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A new study out of the Stanford Graduate School of Business indicates that white and Asian women entrepreneurs may have better luck cold-pitching their business ideas to investors than even their male counterparts. (Credit: PXHere)
A new study out of the Stanford Graduate School of Business indicates that white and Asian women entrepreneurs may have better luck cold-pitching their business ideas to investors than even their male counterparts. (Credit: PXHere)

Getting your foot in an investor’s door might be a little easier than you think.

A new study out of the Stanford Graduate School of Business, led by professors Ilya A. Strebulaev and Will Gornall, indicates that white and Asian women entrepreneurs may have better luck cold-pitching their business ideas to investors than even their male counterparts.

They reached this conclusion after sending 80,000 fake pitches to 28,000 venture capitalists and angel investors, each note signed with a name that pointed to the writer’s gender (male or female) and ethnicity (white or Asian). The female personas they used received 8 percent more interested responses from investors, and Asian entrepreneurs received 6 percent more, researchers said. (The team did not send emails from fictitious black or Latino entrepreneurs.)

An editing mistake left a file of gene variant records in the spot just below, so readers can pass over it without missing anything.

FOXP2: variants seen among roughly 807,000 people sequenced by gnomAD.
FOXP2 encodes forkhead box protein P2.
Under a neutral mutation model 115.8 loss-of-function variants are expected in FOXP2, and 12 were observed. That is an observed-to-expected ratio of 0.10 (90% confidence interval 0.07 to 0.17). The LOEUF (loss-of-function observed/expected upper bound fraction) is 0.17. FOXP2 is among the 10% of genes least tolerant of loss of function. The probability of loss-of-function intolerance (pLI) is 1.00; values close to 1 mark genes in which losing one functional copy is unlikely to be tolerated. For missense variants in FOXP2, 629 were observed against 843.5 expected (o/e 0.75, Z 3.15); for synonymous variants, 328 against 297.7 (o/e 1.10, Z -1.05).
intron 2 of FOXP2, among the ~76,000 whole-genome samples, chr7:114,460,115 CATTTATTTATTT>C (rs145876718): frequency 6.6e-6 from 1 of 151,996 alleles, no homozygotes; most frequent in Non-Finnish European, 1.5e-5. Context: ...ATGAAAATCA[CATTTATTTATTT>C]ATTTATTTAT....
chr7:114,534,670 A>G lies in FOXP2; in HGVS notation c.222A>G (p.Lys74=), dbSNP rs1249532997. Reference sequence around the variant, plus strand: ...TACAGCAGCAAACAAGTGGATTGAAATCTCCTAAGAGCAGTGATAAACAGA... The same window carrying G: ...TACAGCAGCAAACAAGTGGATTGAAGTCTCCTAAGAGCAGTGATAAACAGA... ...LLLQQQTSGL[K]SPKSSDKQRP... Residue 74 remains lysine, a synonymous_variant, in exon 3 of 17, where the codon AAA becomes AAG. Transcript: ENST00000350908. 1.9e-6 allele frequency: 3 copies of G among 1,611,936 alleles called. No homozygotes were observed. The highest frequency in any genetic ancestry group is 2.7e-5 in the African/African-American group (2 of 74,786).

[Related: The 1 Must-Have Item for Letting Investors Know Your Idea is the Big One]

It’s a refreshing change of pace from the statistics we’re used to seeing from the investment world — that women-run startups only received 2 percent of VC funding in 2018, and women of color get less than 1 percent. Still, as Strebulaev notes, this doesn’t mean that the problem of inequality in investing has been solved. “We know the pipeline is leaky, but we don’t know where,” he says.

Strebulaev continues, “In light of the substantial gender imbalance in real-world investment, one way to interpret our results is that a bias against female entrepreneurs materializes after the initial introductions, perhaps during in-person meetings.” It’s possible, since research reveals that just 15 percent of all VCs are women.

When we sat down with several male investors, they, too, had seen the problem. “The rate [of investment] is so low that it’s hard not to believe there is some failure or dysfunction or — to put it more bluntly — bias,” says Adam Quinton, CEO of Lucas Point Ventures.

[Related: 5 Questions to Ask If You Want to Score Big With VCs]

Yet studies have also shown that women-run firms invested in by VC firms perform better, and that female founders are more efficient in how they use investors’ dollars.

What all this means: If you’re able to get your cold-pitch accepted, and you move on to the next stage — which might be an in-person meeting — then emphasize the numbers when you meet with investors.

After all, Quinton notes, “it would be nice to make money and make the world a better place … but I’m just doing it to make money” at the end of the day.

[Related: Serena Williams Revealed She’s Been Secretly Investing In Women for 5 Years]

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